Doctor Who: The Whoniverse by George Mann and Justin Richards (book review).

October 27, 2016 | By | Reply More

There will be a couple things that will strike you when first opening ‘Doctor Who: The Whoniverse’ by George Mann and Justin Richards. First, there are no photographs. All illustrations are paintings by Alex Fort, Richard Hardy, Chris J. Lees and Shaun Williams. When you consider this takes up a large percentage of the book, you have to wonder why these artists aren’t noted on the cover. Second, once you start reading, you quickly realise that there is no painting reference to the BBC TV series productions of the renegade Time Lord formerly called the Doctor who sourced these adventures. Considering the number of appearances he has in the text, that does seem a rather odd omission. It’s hardly like he’s been a shy and retiring fellow throughout all his regenerations, even if during the Smith regeneration people now think he died, although that is not mentioned or how such news can spread right across the time-lines. That must be a bit confusing considering the number of times he pops up as this book points out.


Taking that into account, this book is written purely like a history book, although there is an index at the back. If you have other books that do so, I suspect you’ll spend time making notes and putting things into context, let alone ponder on why some things were omitted, like my comment in the previous paragraph, although I suspect that might be more to do with space available. You’ll also have to make notes as to which regeneration of the Time Lord you are dealing with because, for much of the time, this is the history of the universe and where he crosses into it. Saying that, it isn’t as though Gallifreyan regeneration isn’t mentioned but if you aren’t totally aware of all the stories, you might well believe the Doctor was just moving along the time-line, especially when he appears in successive events where there is a considerable gap in his life-line. No doubt next year there will be a book about the Doctor’s life-line in context to the universe to make sense of it.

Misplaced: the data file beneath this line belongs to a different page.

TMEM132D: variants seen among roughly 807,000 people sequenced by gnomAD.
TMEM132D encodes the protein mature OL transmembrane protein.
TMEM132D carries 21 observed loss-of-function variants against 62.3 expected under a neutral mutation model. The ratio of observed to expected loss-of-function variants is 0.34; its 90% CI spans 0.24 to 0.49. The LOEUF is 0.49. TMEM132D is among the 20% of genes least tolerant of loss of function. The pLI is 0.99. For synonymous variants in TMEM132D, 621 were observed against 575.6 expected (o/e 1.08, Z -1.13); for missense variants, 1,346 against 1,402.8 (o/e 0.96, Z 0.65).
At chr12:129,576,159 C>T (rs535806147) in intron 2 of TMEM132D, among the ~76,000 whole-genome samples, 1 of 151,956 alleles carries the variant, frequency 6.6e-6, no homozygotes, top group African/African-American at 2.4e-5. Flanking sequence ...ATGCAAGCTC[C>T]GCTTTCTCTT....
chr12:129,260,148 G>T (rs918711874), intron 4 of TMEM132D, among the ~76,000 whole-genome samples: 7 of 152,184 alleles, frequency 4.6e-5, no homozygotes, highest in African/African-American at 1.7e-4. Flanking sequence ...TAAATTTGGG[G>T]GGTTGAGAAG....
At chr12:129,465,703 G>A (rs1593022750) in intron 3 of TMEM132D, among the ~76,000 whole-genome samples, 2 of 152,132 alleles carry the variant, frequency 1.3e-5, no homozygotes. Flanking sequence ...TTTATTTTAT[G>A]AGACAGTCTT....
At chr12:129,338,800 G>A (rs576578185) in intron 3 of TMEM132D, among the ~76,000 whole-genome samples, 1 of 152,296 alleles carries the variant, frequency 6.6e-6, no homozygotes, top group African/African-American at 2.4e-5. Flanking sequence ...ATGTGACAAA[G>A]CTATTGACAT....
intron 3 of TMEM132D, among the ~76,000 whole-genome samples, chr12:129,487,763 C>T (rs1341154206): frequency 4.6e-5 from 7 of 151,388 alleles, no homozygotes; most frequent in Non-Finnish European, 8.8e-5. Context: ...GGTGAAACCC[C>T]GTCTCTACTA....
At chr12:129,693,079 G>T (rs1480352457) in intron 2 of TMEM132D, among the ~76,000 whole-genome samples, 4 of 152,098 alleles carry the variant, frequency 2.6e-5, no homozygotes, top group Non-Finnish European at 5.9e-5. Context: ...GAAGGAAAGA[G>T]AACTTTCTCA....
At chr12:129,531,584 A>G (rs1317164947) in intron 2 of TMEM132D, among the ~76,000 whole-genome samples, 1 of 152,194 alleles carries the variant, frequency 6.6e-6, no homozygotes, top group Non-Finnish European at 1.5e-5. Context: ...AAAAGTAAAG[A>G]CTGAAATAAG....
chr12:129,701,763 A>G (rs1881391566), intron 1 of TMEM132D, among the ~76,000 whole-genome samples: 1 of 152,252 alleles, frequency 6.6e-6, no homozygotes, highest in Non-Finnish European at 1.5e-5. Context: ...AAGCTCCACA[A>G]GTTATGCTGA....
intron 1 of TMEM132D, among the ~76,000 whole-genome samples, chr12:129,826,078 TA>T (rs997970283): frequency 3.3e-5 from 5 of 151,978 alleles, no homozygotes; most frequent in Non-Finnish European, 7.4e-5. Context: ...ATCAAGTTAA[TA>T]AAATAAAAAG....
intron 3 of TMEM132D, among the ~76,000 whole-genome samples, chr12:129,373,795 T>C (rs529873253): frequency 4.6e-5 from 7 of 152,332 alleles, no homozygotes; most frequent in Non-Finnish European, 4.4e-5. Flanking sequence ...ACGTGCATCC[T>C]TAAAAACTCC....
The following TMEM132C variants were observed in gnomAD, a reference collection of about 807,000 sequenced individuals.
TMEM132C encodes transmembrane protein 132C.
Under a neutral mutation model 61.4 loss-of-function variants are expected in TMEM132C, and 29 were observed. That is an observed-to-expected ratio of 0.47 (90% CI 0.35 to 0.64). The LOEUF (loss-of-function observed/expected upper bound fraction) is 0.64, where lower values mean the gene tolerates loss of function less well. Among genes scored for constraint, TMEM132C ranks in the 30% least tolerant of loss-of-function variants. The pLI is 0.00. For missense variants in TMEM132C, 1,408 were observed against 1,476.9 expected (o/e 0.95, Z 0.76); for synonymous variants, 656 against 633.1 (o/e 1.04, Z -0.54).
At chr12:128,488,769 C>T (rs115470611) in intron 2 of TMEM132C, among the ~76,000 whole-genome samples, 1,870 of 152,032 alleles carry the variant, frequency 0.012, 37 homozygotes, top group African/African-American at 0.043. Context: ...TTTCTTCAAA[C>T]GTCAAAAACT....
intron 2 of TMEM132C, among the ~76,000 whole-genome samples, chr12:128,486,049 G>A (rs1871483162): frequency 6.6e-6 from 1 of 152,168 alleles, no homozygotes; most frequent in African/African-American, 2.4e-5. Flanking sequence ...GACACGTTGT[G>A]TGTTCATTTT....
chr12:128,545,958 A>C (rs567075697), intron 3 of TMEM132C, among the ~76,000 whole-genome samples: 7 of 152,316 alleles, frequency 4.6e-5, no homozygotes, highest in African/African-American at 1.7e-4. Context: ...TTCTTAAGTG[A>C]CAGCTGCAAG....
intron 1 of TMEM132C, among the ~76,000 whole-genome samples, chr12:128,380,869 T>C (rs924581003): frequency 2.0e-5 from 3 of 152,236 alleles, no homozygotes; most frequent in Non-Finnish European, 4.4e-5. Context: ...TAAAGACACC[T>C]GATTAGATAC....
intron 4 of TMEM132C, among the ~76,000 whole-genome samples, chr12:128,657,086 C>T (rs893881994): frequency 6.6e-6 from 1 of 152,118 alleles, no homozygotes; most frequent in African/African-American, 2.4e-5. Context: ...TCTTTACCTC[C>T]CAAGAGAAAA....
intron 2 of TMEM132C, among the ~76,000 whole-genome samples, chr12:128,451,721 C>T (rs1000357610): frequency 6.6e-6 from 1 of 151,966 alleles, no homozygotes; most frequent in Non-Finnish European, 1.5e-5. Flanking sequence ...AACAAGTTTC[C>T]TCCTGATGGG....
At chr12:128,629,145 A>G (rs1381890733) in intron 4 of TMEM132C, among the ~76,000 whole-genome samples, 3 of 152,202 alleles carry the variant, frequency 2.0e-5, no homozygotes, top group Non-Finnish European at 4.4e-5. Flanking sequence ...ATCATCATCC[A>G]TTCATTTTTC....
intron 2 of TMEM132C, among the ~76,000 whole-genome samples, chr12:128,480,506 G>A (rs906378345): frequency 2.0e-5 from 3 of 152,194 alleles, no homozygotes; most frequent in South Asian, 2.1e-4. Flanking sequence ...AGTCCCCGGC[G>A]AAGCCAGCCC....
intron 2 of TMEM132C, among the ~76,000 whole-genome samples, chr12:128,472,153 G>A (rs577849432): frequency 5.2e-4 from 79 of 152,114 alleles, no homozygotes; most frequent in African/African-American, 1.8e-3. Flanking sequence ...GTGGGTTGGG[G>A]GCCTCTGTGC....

Within the context of the history line, after the focus on the start of the universe, there is a lot of emphasis on the history of a little blue planet whose significance and sentient species develops beyond its size across the Milky Way galaxy.

Beyond that there are focuses on a couple empires. The first is the Cybermen, no doubt because how close to Earth, the tenth planet Mondas or Telos, where the inhabitants replaced their organics with cyber-technology and from a parallel Earth where a similar thing went on. Later, both sets of people joined as one. I don’t know whether their unification is canon but it would make sense or they would be having their own wars. This would also make the term ‘Cybermen’ potentially a generic term than a species.

The second empire looks at the rise of the Daleks and how even they weren’t afraid to experiment, both on themselves and on their war machines. Although their own time travel exploits are noted, it is very much like the Doctor in not being in context to their time-line, which is confusing enough as it is. The authors are still not sure whether or not the McCoy regeneration Doctor destroyed Skaro or not, let alone why it is still there. One option they didn’t give but which I had a thought about is that in ‘Remembrance Of The Daleks’, the destruction of Skaro is seen in the night sky which meant even in distance terms, it was quite close to the Earth, even if we have to make allowances for any time dilation in getting there and exploding in real time. I doubt if the original Skaro was that close to Earth or they’d have invaded us much sooner. That being the case, who’s to say that the Daleks call every planet they rule Skaro and the Doctor just took out one of the more ‘recent’ planet acquisitions, which is hinted at in the text.